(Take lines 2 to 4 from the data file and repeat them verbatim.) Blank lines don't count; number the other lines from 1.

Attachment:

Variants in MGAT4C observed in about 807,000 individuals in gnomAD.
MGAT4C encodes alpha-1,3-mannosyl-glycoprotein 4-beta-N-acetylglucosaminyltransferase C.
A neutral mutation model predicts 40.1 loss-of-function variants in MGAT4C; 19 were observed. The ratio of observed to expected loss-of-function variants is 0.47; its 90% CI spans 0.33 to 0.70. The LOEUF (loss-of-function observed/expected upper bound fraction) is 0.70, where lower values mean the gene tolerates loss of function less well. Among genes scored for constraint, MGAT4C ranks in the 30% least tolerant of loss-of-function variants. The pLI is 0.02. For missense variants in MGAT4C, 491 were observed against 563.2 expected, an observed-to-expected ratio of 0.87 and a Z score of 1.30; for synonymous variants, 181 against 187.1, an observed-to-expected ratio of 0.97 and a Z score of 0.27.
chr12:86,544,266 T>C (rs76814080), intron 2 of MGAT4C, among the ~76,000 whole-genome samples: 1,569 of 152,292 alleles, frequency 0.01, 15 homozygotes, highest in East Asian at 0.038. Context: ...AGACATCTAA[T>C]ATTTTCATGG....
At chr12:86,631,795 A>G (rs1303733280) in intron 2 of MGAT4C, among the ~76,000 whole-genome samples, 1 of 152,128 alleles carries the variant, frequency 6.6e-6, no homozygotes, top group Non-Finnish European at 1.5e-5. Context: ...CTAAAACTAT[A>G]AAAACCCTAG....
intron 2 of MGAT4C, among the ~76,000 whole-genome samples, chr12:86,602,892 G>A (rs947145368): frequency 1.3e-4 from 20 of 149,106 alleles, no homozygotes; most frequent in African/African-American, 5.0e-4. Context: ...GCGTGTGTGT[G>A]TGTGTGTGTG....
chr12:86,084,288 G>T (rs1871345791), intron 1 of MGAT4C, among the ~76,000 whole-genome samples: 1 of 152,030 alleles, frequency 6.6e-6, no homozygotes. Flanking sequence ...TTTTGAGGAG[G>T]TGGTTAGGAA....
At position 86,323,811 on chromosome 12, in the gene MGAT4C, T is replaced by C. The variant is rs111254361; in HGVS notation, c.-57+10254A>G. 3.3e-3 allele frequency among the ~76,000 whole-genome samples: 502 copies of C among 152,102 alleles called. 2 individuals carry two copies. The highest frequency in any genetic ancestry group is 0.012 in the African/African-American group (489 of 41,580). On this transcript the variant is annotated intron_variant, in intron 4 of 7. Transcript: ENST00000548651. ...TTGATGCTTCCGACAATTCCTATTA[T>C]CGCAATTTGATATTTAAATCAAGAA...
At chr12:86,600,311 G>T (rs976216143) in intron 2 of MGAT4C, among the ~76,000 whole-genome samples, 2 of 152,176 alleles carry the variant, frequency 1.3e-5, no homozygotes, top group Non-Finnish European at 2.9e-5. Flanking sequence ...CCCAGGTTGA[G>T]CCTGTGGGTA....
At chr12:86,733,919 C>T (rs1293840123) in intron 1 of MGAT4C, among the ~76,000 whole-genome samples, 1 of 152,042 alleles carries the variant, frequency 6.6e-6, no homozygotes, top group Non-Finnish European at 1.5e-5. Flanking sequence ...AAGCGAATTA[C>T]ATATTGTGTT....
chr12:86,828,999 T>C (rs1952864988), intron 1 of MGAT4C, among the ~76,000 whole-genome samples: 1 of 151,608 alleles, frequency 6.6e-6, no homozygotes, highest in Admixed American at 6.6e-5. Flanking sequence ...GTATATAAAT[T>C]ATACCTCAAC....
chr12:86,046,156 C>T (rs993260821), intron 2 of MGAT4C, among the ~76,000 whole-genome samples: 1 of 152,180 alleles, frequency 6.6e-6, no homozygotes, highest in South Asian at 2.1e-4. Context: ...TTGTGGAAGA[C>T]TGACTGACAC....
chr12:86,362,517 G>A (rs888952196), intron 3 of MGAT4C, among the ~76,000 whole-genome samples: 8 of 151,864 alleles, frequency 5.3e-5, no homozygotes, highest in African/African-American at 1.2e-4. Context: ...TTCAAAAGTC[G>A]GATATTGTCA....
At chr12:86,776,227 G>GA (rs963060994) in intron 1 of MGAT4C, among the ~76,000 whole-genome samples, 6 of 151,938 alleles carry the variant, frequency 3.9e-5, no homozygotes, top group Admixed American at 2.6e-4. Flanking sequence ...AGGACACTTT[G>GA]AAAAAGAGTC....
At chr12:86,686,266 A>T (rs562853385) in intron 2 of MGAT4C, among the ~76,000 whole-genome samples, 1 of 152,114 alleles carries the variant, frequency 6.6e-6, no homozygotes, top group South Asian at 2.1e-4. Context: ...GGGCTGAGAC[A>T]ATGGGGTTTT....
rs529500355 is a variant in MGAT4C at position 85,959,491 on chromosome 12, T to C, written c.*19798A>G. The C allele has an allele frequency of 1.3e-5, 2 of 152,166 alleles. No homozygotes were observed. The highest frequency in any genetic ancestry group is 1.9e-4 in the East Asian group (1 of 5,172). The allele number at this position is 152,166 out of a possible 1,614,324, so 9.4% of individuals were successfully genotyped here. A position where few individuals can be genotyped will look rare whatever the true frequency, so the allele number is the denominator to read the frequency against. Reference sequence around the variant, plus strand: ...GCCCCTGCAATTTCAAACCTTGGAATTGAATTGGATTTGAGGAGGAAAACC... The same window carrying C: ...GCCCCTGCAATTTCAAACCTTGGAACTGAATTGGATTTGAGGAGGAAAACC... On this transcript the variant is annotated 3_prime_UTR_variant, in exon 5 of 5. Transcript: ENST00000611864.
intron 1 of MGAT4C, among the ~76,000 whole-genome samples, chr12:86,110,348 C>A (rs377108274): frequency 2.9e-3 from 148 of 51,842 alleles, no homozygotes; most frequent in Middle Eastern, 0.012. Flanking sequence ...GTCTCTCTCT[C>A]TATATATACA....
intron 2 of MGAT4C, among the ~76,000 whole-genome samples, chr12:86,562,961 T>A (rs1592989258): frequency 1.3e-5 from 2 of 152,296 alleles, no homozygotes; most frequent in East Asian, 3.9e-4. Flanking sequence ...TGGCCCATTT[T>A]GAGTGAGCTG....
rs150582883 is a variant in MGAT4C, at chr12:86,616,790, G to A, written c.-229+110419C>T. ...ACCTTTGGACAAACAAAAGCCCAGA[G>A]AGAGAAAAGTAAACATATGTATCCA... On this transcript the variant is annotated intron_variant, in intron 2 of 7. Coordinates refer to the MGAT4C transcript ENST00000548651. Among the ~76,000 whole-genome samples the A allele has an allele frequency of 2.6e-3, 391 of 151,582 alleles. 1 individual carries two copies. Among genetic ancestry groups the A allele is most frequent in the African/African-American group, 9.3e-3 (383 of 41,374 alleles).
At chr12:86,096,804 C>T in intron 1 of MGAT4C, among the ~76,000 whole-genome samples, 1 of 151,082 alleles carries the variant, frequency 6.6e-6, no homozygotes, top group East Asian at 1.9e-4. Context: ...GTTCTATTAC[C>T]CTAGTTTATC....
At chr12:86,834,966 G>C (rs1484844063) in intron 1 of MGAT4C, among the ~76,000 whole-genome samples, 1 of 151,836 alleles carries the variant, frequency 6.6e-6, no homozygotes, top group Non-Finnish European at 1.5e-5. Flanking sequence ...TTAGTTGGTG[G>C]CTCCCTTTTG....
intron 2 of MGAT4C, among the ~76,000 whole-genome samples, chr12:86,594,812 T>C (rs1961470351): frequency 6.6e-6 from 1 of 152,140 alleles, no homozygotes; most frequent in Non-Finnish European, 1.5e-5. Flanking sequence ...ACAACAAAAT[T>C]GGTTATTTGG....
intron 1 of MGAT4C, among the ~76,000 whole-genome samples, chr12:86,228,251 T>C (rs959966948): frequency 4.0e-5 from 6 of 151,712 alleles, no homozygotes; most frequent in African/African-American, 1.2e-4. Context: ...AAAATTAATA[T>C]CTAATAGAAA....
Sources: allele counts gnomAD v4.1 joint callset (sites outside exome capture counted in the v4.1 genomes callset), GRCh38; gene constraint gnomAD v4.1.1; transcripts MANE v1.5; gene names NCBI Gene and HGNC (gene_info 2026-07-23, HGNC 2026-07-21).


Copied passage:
MGAT4C encodes alpha-1,3-mannosyl-glycoprotein 4-beta-N-acetylglucosaminyltransferase C.
A neutral mutation model predicts 40.1 loss-of-function variants in MGAT4C; 19 were observed. The ratio of observed to expected loss-of-function variants is 0.47; its 90% CI spans 0.33 to 0.70. The LOEUF (loss-of-function observed/expected upper bound fraction) is 0.70, where lower values mean the gene tolerates loss of function less well. Among genes scored for constraint, MGAT4C ranks in the 30% least tolerant of loss-of-function variants. The pLI is 0.02. For missense variants in MGAT4C, 491 were observed against 563.2 expected, an observed-to-expected ratio of 0.87 and a Z score of 1.30; for synonymous variants, 181 against 187.1, an observed-to-expected ratio of 0.97 and a Z score of 0.27.
chr12:86,544,266 T>C (rs76814080), intron 2 of MGAT4C, among the ~76,000 whole-genome samples: 1,569 of 152,292 alleles, frequency 0.01, 15 homozygotes, highest in East Asian at 0.038. Context: ...AGACATCTAA[T>C]ATTTTCATGG....